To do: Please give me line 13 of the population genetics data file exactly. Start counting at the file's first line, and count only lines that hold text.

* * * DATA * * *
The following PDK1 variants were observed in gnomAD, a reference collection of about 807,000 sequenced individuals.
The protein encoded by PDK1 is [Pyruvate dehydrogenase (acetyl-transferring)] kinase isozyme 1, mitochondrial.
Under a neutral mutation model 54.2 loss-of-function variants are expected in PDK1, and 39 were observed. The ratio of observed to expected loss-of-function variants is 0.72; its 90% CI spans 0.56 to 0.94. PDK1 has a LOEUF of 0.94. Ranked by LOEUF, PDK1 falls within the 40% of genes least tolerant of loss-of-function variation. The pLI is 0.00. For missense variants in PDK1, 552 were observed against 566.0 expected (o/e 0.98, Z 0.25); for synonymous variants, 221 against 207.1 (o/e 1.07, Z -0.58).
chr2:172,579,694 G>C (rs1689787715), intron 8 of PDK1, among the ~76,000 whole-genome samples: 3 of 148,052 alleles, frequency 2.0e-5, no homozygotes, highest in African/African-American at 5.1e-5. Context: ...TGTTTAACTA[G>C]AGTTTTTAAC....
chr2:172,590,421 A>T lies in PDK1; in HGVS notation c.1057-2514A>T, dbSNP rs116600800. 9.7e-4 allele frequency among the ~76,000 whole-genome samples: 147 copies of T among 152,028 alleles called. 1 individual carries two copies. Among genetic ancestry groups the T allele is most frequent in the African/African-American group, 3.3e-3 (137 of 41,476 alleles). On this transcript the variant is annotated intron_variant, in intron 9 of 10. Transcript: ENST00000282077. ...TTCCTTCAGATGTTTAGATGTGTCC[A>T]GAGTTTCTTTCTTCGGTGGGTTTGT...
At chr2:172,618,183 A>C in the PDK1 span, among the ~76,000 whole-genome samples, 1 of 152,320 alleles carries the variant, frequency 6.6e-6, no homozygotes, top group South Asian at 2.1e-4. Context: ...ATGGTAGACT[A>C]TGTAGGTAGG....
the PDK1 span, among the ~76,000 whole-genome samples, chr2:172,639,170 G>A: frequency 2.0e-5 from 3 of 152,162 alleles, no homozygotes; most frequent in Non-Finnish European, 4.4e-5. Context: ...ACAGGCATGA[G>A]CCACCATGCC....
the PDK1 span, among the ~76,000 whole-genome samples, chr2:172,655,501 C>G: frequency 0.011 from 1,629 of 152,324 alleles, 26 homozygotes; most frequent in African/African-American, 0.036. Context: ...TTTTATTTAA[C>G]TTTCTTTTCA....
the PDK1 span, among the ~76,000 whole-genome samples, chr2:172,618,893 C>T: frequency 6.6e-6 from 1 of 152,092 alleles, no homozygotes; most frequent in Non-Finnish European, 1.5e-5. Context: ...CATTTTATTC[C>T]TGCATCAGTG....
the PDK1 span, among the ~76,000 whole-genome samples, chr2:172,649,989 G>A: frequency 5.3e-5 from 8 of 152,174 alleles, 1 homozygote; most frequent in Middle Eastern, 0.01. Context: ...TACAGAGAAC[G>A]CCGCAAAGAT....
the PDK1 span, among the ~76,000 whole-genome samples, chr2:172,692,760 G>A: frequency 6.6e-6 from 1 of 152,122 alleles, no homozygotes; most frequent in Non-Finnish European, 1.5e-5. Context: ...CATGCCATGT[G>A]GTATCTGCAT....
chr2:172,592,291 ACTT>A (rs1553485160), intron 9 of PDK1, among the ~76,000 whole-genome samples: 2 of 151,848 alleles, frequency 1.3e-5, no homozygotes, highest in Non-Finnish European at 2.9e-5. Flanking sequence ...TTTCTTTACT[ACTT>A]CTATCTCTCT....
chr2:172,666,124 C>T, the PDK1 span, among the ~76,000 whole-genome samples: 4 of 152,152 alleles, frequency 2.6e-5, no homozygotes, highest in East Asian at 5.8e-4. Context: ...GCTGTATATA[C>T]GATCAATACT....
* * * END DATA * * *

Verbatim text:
chr2:172,666,124 C>T, the PDK1 span, among the ~76,000 whole-genome samples: 4 of 152,152 alleles, frequency 2.6e-5, no homozygotes, highest in East Asian at 5.8e-4. Context: ...GCTGTATATA[C>T]GATCAATACT....